On November 9, 2020, the Federal Trade Commission announced it had entered into an consent agreement with Zoom Video Communications, Inc. to settle allegations that the video conferencing provider engaged in a series of unfair and deceptive practices that undermined the security of its user base, which, according to the FTC, has grown from 10 million users in December 2019 to 300 million in April 2020 during the COVID-19 pandemic.
Continue Reading Zoom Settles with FTC Over Deceptive Security Claims

On January 6, 2020, the Federal Trade Commission announced that it granted final approval to a settlement with InfoTrax Systems, L.C. and its former CEO, Mark Rawlins, related to allegations that InfoTrax failed to implement reasonable, low-cost and readily available security safeguards to protect the personal information the company maintained on behalf of its business clients.

Continue Reading FTC Finalizes Settlement with InfoTrax for Failure to Safeguard Consumer Data

On November 13, 2019, the Centre for Information Policy Leadership at Hunton Andrews Kurth issued a discussion paper on “Organizational Accountability in Light of FTC Consent Orders.”
Continue Reading CIPL Issues Discussion Paper on Organizational Accountability in Light of FTC Consent Orders

As an update to our previous blog posts, the FTC announced that it and the New York Attorney General reached a $170 million agreement with Google to resolve allegations that the company violated COPPA through its YouTube platform. Under the agreement, Google will pay $136 million to the FTC and $34 million to New York. The FTC voted 3-2 to authorize the action.
Continue Reading FTC and Google Reach $170 Million Settlement Over Children’s Privacy on YouTube

As an update to our previous blog post, according to media reports, Google has reached a settlement with the FTC in the range of $150 to $200 million over the agency’s investigation into the company’s alleged violations of COPPA through its YouTube platform. The settlement has not been announced by the FTC or Google, and the details of the settlement have not been made publicly available.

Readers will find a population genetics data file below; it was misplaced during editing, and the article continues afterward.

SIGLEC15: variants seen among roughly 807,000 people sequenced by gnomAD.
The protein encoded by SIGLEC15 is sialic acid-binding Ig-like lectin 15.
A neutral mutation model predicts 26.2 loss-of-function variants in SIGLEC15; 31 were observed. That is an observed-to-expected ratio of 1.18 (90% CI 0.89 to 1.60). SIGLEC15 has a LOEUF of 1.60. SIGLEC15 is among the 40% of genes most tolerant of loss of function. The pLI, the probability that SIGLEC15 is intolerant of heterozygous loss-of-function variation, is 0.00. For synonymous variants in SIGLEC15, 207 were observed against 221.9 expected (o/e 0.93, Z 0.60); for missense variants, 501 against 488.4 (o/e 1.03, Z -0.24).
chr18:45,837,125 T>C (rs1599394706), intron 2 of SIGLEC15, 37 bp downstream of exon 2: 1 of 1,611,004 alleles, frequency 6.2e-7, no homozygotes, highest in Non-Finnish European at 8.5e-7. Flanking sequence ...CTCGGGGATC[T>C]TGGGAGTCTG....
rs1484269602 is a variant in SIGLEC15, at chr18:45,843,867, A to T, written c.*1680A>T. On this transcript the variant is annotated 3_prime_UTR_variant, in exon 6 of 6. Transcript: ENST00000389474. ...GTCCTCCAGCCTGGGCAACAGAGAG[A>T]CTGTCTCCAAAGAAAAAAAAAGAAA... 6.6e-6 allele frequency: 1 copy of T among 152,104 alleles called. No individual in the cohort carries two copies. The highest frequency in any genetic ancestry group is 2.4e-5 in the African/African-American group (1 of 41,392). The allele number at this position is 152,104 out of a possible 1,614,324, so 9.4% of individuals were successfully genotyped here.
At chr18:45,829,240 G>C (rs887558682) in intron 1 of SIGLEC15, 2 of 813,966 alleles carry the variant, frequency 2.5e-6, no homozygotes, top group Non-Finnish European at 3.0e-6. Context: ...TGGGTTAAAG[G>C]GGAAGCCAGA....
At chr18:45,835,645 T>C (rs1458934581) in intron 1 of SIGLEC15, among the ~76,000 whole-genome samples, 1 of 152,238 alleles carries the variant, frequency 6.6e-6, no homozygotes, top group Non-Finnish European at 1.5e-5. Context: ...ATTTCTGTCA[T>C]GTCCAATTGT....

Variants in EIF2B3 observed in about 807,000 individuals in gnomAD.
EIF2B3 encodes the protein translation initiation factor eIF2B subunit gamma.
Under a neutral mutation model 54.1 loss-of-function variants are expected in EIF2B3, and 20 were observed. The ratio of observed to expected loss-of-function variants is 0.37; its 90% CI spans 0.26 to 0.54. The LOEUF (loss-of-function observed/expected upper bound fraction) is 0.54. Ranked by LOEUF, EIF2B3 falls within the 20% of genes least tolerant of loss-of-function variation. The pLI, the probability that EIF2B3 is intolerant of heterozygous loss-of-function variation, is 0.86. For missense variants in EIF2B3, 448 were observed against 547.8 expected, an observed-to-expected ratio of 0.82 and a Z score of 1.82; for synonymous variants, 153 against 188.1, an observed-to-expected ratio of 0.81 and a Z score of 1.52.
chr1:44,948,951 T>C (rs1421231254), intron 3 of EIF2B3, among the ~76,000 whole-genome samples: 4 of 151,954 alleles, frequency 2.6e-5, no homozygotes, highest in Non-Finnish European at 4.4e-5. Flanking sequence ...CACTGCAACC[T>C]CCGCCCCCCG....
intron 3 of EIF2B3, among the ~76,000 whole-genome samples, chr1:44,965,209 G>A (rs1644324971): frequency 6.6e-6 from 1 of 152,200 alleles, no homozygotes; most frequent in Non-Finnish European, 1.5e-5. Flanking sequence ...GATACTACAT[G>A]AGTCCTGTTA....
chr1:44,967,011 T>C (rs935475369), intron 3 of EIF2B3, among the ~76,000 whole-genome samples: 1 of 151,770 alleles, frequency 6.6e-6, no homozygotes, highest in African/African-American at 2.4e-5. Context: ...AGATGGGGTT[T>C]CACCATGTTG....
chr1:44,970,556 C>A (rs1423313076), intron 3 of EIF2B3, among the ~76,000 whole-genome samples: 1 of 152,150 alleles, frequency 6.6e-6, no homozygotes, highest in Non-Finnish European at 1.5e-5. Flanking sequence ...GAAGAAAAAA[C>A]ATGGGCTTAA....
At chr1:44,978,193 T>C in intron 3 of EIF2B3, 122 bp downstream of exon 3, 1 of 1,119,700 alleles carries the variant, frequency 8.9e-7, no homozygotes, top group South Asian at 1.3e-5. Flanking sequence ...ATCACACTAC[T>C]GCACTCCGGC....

Continue Reading Google to Pay $150-$200 Million in Fines for Alleged YouTube COPPA Violations

On August 8, 2019, the FTC announced that Unrollme Inc. (“Unrollme”), an email management company, agreed to settle allegations the company deceived consumers about how it accesses and uses their personal emails. Unrollme offered users a service whereby the company would help unsubscribe users from unwanted subscription emails. In connection with this service, Unrollme required users to provide the company with access to their email accounts. The FTC alleged that Unrollme falsely told consumers it would not “touch” their personal emails. In fact, the FTC alleged, Unrollme shared its users’ email receipts (“e-receipts”) (i.e., emails sent to consumers following a completed transaction) with its parent company, Slice Technologies, Inc. The FTC’s complaint alleged that the parent company used information from the e-receipts (such as the user’s name, address, and information about products or services the individual purchased) for purposes of its own market research analytics products.

Continue Reading Unrollme Inc. Settles with FTC Over Allegedly Deceptive Email Practices